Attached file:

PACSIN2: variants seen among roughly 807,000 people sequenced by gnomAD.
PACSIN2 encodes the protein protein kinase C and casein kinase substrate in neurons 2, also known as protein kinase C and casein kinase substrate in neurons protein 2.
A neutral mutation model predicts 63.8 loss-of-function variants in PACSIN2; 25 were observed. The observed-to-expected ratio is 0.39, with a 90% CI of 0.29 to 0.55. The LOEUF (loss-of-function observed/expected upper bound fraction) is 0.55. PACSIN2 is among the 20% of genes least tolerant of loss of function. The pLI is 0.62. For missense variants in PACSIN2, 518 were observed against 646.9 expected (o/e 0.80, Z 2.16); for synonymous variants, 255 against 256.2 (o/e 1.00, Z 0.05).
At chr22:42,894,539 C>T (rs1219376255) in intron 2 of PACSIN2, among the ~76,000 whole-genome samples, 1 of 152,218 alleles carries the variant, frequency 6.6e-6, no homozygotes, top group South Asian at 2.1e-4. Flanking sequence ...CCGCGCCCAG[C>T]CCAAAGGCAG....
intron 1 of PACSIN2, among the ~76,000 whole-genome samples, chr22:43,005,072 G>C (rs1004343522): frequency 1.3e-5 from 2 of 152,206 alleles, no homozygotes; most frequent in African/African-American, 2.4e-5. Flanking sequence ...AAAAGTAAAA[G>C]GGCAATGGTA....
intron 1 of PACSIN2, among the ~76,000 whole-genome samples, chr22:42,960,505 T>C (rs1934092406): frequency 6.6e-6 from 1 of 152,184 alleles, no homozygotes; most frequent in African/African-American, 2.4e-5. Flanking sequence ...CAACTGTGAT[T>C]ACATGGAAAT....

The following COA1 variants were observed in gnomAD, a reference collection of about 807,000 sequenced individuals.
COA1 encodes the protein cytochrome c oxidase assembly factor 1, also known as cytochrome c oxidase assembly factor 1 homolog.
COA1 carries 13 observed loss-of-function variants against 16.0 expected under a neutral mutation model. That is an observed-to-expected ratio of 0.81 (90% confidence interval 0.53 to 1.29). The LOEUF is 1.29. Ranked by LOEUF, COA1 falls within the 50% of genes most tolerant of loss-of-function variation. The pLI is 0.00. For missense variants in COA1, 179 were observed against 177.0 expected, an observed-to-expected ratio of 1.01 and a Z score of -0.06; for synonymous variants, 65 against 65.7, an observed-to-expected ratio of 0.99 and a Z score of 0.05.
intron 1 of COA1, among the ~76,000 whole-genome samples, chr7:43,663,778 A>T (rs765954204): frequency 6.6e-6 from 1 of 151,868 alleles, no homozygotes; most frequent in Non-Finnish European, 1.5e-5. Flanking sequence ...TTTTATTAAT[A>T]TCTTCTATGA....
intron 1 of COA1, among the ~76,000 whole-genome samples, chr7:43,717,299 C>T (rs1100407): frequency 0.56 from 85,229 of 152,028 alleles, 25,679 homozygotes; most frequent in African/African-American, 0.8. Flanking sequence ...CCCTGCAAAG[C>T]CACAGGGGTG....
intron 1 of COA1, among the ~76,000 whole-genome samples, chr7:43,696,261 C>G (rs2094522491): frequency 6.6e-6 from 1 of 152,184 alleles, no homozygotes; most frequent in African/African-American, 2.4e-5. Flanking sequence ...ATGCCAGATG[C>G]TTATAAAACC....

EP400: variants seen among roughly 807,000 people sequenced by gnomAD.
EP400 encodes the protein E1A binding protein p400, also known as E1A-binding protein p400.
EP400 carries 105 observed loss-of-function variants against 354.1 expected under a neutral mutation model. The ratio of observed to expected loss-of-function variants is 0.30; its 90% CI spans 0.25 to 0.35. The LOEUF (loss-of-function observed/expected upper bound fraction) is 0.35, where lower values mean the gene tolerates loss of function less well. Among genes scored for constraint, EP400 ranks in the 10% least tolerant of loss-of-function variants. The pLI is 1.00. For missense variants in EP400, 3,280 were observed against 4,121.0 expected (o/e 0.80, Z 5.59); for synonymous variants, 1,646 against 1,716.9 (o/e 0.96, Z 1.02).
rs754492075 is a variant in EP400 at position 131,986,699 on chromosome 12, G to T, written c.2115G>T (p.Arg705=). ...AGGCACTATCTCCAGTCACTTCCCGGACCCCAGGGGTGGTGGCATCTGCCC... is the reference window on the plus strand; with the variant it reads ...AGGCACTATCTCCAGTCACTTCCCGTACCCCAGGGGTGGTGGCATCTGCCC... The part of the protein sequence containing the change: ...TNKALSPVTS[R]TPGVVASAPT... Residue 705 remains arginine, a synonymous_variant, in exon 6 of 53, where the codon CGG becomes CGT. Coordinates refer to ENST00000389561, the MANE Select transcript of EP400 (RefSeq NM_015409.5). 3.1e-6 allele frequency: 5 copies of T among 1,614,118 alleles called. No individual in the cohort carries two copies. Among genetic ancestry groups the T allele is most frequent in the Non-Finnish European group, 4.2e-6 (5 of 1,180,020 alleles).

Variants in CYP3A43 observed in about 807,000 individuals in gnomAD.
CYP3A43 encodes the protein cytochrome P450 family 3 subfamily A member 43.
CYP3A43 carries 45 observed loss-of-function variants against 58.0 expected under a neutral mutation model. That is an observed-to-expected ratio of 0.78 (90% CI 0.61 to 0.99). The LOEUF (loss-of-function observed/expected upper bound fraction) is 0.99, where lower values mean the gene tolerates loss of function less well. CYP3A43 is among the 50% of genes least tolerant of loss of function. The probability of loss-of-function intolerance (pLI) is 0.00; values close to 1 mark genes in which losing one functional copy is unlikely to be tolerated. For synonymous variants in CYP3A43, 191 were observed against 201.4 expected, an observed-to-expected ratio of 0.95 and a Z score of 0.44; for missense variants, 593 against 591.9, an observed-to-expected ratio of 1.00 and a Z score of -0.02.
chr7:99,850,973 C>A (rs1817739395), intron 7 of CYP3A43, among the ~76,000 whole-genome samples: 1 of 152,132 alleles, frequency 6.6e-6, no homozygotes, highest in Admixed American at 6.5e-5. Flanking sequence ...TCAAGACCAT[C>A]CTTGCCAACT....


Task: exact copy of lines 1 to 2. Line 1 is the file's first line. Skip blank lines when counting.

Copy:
PACSIN2: variants seen among roughly 807,000 people sequenced by gnomAD.
PACSIN2 encodes the protein protein kinase C and casein kinase substrate in neurons 2, also known as protein kinase C and casein kinase substrate in neurons protein 2.